Economy

GST watch: Hands that craft have gone ‘missing’

Meera Siva | Updated on January 09, 2018 Published on August 30, 2017

Nearly 90 per cent of craftpersons are unaware of reverse input refund on tax paid for raw material, and 75 per cent do not know the tax rate applicable to their specific craft - Photo: V Sreenivasa Murthy

Handicraft artisans feel unacknowledged in the new tax framework

The hand-made products segment seems to have been adversely affected by the Goods and Services Tax (GST) framework. Sectoral representatives and experts say there are multiple issues in the new tax regime that may inhibit growth in the industry, which already faces many challenges, including from cheaper imports and machine-made products. For instance, the number of handloom weavers in the country has been in decline from 63 lakh in 1996 to 43 lakh in 2010, based on Census data.

A note prepared on behalf of the hand-made goods segment and shared with the Prime Minister’s Office draws attention to the fact that the word ‘hand’ (as in, for instance, hand-made or handicraft) is entirely missing from the GST list of items – except for a perfunctory reference to ‘handloom machinery’.

Issues with GST rates

This implies that the concepts of ‘handwork’, ‘handicraft’, and ‘hand skills’ have not been acknowledged at all in the GST framework.

There appear to be issues with GST on at least five fronts. One, there are multiple tax slabs for similar items, which is very confusing.

For example, codes 9601 and 0507 refer to tortoise-shell - unworked or raw material; the former attracts 18 per cent tax, while the latter is taxed only at 5 per cent. How one can determine what category a product falls under is unclear.

Second, many low-priced items such as needles, kites, carnival toys and broomsticks are now taxed.

Mahesh Krishnamurthy, founder of Craftisan, an e-commerce platform for hand-crafted products, says that under the earlier tax regime, in Delhi, VAT was 0 to 5 per cent for handlooms and handicrafts, but now the tax range is from 3 per cent to 18 per cent.

“The retail price for consumers will have to increase, which may potentially cause reduced absorption,” he says. Also, certain products and raw materials that are hand-made by the most disadvantaged groups are under punitive GST rates.

Registration woes

Third, sellers must register in multiple States as most of the buyers for products from the craft community operate on a pan-India basis. For example, they may be selling to online portals or those who conduct fairs in various States.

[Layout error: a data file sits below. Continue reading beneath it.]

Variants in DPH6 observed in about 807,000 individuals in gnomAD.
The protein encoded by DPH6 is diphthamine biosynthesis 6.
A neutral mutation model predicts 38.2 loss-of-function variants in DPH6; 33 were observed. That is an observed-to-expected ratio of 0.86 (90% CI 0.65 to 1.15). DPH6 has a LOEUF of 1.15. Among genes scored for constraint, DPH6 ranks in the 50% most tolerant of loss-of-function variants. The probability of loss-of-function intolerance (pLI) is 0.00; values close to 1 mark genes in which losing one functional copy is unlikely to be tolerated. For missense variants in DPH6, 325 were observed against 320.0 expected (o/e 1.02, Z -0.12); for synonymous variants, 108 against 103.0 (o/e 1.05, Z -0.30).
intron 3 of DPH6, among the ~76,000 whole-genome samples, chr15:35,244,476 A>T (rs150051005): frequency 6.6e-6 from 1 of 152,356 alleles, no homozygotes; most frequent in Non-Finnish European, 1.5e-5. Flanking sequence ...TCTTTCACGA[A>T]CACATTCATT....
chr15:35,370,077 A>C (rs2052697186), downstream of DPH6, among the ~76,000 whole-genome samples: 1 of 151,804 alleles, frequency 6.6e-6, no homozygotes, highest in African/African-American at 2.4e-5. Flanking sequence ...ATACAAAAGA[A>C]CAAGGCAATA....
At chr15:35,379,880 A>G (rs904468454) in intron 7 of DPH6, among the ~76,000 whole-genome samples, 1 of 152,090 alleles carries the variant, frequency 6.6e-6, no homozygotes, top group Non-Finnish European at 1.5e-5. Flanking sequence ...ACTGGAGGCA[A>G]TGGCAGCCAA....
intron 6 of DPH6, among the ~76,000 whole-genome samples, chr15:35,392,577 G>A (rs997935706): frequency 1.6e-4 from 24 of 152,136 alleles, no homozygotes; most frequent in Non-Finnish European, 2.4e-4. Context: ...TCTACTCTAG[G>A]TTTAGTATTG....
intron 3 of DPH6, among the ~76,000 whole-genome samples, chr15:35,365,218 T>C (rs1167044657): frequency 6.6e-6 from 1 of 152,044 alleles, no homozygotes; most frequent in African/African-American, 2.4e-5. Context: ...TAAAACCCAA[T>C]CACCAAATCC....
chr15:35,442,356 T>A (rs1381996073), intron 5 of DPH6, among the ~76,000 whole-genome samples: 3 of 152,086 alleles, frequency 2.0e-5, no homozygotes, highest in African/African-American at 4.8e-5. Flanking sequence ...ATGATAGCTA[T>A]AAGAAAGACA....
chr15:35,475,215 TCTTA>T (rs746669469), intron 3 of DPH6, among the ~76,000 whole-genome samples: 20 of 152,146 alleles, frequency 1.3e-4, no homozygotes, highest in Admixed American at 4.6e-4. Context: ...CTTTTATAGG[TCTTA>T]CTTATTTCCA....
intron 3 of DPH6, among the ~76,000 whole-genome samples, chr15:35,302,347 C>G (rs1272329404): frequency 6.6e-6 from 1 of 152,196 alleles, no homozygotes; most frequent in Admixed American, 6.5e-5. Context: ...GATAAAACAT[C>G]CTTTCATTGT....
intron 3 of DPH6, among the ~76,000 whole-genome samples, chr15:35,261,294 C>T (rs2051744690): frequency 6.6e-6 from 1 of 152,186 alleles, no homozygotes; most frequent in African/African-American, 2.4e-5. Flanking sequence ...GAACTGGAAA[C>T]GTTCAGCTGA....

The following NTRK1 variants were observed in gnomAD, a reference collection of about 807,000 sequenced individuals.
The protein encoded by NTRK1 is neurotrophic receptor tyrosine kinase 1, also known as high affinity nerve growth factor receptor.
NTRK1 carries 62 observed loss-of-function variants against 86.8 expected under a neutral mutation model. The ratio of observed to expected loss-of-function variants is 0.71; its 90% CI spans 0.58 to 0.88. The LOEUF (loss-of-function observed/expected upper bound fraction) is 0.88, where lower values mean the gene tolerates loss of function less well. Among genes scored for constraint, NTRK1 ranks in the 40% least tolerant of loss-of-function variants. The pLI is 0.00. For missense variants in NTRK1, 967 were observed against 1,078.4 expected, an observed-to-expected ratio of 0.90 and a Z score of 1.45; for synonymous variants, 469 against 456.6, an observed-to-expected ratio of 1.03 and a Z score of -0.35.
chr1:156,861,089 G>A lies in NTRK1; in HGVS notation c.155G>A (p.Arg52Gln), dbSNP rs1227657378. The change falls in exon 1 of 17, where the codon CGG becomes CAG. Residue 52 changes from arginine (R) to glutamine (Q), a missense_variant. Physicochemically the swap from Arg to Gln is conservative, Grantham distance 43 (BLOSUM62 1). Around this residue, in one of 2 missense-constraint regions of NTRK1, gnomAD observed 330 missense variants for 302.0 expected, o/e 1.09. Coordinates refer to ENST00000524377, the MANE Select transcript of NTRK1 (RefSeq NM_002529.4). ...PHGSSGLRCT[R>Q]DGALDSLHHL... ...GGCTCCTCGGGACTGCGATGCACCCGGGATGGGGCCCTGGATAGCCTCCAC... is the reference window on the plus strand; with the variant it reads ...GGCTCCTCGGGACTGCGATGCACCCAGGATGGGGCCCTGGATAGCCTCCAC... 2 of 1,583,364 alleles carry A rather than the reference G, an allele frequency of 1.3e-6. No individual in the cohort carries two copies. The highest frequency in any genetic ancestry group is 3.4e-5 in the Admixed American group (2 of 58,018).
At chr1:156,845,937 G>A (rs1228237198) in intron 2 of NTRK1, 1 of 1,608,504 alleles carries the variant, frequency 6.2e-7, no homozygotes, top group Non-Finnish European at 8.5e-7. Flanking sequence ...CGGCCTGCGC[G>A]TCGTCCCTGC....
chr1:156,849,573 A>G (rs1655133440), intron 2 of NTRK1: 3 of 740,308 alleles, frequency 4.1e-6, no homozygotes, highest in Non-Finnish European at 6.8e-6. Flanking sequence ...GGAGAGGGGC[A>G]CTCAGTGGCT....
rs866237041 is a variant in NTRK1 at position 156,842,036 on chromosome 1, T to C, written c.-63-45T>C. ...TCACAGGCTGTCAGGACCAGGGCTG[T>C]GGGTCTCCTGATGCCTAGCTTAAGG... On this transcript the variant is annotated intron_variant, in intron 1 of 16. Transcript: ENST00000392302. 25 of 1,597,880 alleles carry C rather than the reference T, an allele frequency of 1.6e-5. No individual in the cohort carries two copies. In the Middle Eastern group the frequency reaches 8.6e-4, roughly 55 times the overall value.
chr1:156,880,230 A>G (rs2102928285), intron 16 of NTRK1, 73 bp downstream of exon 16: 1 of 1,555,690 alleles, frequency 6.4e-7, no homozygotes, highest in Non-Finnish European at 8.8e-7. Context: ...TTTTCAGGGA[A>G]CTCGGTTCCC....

Every supplier, howsoever small, is required to register under GST when making inter-State supply, which adds to the compliance burden for artisans. Fourth, given that the industry is highly fragmented, it is not easy for many small producers to register.

According to data from the Export Promotion Council of Handcrafts, the industry has over seven million regional artisans.

Many of them are unregistered and sell to larger buyers. Now, they may be forced to register or go out of business.

There is no awareness on registration procedures and compliance.

Similarly, when exporting products, under the GST framework the exporters must pay GST upfront, and then get a refund.

The process of getting a refund is tedious and often the effort may not be worth the refund amount, notes Pune-based tax consultant Pritham Mahure.

This will also impact working capital requirements, and given the complexities, small players should have been exempt from the provision, he says.

With over 67,000 export houses, a favorable export policy will aid the market, which grew 11 per cent last year.

Inadequate awareness

A survey by the Dastkari Haat Samiti showed that nearly 90 per cent of craftpersons were not aware of reverse input refund on tax paid for raw material, and 75 per cent did not know the tax rate that is applicable to their specific craft.

Government officials indicated that they are currently working with those registered under VAT and will reach out to unregistered segments in the next few months.

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Published on August 30, 2017
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